Numerical methods of calculus of variations 99

This function assumes the role of enforcing the boundary condition and the

following set of simpler, low order basis functions are adequate to present the

solution:

b

1

(x, y)=ω(x, y),

b

2

(x, y)=ω(x, y)x,

b

3

(x, y)=ω(x, y)y,

b

4

(x, y)=ω(x, y)x

2

,

b

5

(x, y)=ω(x, y)xy,

b

6

(x, y)=ω(x, y)y

2

,

and so on, following the same pattern. It is clear that all these basis func-

tions vanish on the boundary by the virtue of ω(x, y), even though the power

function components do not.

The question is how to generate ω(x, y) for various shapes of domains. For

a centrally located circle with radius r, the equation

x

2

+ y

2

= r

2

implies very intuitively the form of

ω(x, y)=r

2

− x

2

− y

2

.

Obviously the function is zero everywhere on the circle and non-zero in the

interior of the domain. It is also non-zero on the outside of the domain, but

that is irrelevant in connection with our problem.

One can also consider a domain consisting of overlapping circular regions,

some of which represent voids in the domain. Figure 7.2 shows a domain of

two circles with equations

x

2

+ y

2

= r

2

and

(x − r/2)

2

+ y

2

=(r/2)

2

.

Reordering the latter yields

x

2

− xr + y

2

=0,

andinturnresultsin

ω(x, y)=(r

2

− x

2

− y

2

)(x

2

− rx + y

2

).

Clearly on the boundary of the larger circle the left term is zero and on the

boundary of the smaller circle the right term is zero. Hence the product

100 Applied calculus of variations for engineers

-1

-0.8

-0.6

-0.4

-0.2

0

0.2

0.4

0.6

0.8

1

-1 -0.8 -0.6 -0.4 -0.2 0 0.2 0.4 0.6 0.8 1

FIGURE 7.2 Domain with overlapping circular regions

function vanishes on the perimeter of both circles, which constitutes the now

nontrivial boundary.

Let us now consider the boundary of a rectangle of width 2w and height

2h, also centrally located around the origin. The equations of the sides

x = ±w,

and

y = ±h,

imply the very simple form of

ω(x, y)=(w

2

− x

2

)(h

2

− y

2

).

The veriﬁcation is very simple,

ω(x, y)=0, (x, y)=(±w, ±h).

The construction technique clearly shows signs of diﬃculties to come with

very generic, and especially three-dimensional domains. In fact such diﬃcul-

ties limited the practical usefulness of this otherwise innovative method until

more recent work enabled the automatic creation of the ω functions for generic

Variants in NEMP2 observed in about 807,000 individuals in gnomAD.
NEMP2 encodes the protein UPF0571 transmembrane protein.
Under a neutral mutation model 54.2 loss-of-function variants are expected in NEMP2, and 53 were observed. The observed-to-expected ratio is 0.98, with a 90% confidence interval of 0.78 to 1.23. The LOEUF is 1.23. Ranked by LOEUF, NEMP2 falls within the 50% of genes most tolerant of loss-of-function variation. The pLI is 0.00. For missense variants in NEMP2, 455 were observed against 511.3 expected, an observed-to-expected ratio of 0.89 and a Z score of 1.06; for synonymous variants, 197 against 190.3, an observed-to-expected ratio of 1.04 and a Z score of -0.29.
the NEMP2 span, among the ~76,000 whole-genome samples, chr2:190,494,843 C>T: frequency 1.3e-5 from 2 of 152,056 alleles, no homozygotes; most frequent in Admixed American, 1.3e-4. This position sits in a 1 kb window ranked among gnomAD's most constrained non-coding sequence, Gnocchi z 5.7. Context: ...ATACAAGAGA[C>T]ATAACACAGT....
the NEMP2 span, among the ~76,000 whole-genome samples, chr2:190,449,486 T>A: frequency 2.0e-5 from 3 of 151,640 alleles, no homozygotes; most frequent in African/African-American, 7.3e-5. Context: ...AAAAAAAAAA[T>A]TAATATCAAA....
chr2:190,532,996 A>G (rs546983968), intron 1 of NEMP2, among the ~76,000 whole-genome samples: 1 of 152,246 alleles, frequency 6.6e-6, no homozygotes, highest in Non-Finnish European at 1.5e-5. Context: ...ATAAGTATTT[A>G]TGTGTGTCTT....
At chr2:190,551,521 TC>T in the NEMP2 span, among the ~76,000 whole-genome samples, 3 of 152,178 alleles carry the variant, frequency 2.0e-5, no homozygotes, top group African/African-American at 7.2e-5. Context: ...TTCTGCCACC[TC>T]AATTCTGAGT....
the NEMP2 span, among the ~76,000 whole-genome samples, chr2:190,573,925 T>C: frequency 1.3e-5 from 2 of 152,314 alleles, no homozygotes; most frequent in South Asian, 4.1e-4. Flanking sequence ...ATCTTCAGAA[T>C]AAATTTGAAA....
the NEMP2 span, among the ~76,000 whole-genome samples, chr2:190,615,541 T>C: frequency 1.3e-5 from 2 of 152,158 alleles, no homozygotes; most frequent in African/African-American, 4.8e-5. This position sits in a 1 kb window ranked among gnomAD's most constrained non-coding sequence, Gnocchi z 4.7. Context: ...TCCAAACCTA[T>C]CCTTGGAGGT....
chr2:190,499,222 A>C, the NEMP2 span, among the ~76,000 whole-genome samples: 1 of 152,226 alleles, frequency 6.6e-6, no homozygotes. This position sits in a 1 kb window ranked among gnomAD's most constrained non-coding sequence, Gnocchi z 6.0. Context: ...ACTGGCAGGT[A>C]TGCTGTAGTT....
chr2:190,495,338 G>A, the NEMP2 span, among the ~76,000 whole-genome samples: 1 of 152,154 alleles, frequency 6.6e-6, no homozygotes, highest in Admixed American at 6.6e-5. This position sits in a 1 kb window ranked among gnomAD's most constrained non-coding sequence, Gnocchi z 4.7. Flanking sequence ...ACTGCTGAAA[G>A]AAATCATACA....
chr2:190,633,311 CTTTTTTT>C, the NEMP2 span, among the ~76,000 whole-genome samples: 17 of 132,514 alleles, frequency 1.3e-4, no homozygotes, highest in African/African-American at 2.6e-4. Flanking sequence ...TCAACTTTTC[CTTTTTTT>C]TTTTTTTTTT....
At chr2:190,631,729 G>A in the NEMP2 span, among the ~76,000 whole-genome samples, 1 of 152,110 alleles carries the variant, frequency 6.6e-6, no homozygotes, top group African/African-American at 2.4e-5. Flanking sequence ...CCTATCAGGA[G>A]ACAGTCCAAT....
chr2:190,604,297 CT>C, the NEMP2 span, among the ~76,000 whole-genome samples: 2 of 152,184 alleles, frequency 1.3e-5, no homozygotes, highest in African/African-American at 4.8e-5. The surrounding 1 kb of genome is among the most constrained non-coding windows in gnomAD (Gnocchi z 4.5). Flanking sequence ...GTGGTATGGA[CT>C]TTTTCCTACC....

Numerical methods of calculus of variations 101

two- or three-dimensional domains with the help of spline functions, a topic

that will be discussed in Chapter 11 at length.

We shall now demonstrate the correctness of such a solution. For this we

consider the solution of a speciﬁc Poisson’s equation:

∂

2

u

∂x

2

+

∂

2

u

∂y

2

= −2,

with

u(x, y)=0, (x, y) ∈ ∂D,

where we designate the domain to be the rectangle whose ω function was

speciﬁed above. We will search for Kantorovich’s solution in the form of

u(x, y)=(w

2

− x

2

)(h

2

− y

2

)(α

1

+ α

2

x + α

3

y + ...).

The method, as all direct methods, is approximate, so we may truncate the

sequence of power function terms at a certain power. It is suﬃcient for the

demonstration to use only the ﬁrst term.

We will apply the method in connection with Galerkin’s method of the last

section. Therefore the extremum is sought from

+w

−w

+h

−h

(

∂

2

u

∂x

2

+

∂

2

u

∂y

2

+2)ω(x, y)dydx =0.

Executing the posted diﬀerentiations and substituting results in

+w

−w

+h

−h

−2α

1

(w

2

− x

2

)(h

2

− y

2

)

2

− 2α

1

(w

2

− x

2

)

2

(h

2

− y

2

)+

2(w

2

− x

2

)(h

2

− y

2

)dydx =0.

Since we only have a single coeﬃcient, the system of equations developed ear-

lier boils down to a single scalar equation of

bα

1

= f,

with

b =

+w

−w

+h

−h

((w

2

− x

2

)(h

2

− y

2

)

2

+(w

2

− x

2

)

2

(h

2

− y

2

))dydx,

and

f =

+w

−w

+h

−h

(w

2

− x

2

)(h

2

− y

2

)dydx.

After the (tedious) evaluation of the integrals, the value of

α

1

=

5

4(w

2

+ h

2

)

102 Applied calculus of variations for engineers

-1

-0.5

0

0.5

1

-1

-0.5

0

0.5

1

0

0.1

0.2

0.3

0.4

0.5

0.6

0.7

FIGURE 7.3 Solution of Poisson’s equation

emerges. In turn, the approximate Kantorovich-Galerkin solution is

u(x, y)=

5

4

(w

2

− x

2

)(h

2

− y

2

)

w

2

+ h

2

.

The solution is depicted graphically in Figure 7.3 using

w = h =1.

The ﬁgure demonstrates that the solution function satisﬁes the zero boundary

condition on the circumference of the square. To increase accuracy, additional

terms of the power series may be used. The method also enables the exploita-

tion of the symmetry of the domain. For example, if the above domain would

exhibit the same height as width,

s = w = h,

the solution may be sought in the form of

u(x, y)=(s

2

− x

2

)(s

2

− y

2

)(α

1

+ α

23

(x + y)),

where α

23

denotes the single constant accompanying both the second and

third terms.

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